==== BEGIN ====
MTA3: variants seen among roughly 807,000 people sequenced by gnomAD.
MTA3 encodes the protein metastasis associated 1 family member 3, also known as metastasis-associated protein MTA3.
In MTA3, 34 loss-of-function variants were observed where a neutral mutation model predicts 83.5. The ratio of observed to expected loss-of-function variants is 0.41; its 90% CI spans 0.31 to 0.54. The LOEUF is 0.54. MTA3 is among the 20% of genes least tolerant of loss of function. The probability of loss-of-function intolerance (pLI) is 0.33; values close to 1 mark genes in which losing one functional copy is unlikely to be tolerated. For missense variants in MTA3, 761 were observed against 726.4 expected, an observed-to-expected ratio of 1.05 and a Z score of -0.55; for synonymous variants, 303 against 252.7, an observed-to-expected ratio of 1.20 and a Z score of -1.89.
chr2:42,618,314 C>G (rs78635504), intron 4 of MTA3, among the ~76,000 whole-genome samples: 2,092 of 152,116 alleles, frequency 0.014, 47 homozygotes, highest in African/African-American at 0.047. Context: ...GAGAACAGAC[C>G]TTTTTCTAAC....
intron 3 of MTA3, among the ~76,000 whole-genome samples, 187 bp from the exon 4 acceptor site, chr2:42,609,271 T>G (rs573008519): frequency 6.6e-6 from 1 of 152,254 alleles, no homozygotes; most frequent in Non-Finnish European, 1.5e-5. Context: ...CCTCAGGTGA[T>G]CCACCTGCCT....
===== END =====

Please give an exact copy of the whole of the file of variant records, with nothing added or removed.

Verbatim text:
MTA3: variants seen among roughly 807,000 people sequenced by gnomAD.
MTA3 encodes the protein metastasis associated 1 family member 3, also known as metastasis-associated protein MTA3.
In MTA3, 34 loss-of-function variants were observed where a neutral mutation model predicts 83.5. The ratio of observed to expected loss-of-function variants is 0.41; its 90% CI spans 0.31 to 0.54. The LOEUF is 0.54. MTA3 is among the 20% of genes least tolerant of loss of function. The probability of loss-of-function intolerance (pLI) is 0.33; values close to 1 mark genes in which losing one functional copy is unlikely to be tolerated. For missense variants in MTA3, 761 were observed against 726.4 expected, an observed-to-expected ratio of 1.05 and a Z score of -0.55; for synonymous variants, 303 against 252.7, an observed-to-expected ratio of 1.20 and a Z score of -1.89.
chr2:42,618,314 C>G (rs78635504), intron 4 of MTA3, among the ~76,000 whole-genome samples: 2,092 of 152,116 alleles, frequency 0.014, 47 homozygotes, highest in African/African-American at 0.047. Context: ...GAGAACAGAC[C>G]TTTTTCTAAC....
intron 3 of MTA3, among the ~76,000 whole-genome samples, 187 bp from the exon 4 acceptor site, chr2:42,609,271 T>G (rs573008519): frequency 6.6e-6 from 1 of 152,254 alleles, no homozygotes; most frequent in Non-Finnish European, 1.5e-5. Context: ...CCTCAGGTGA[T>G]CCACCTGCCT....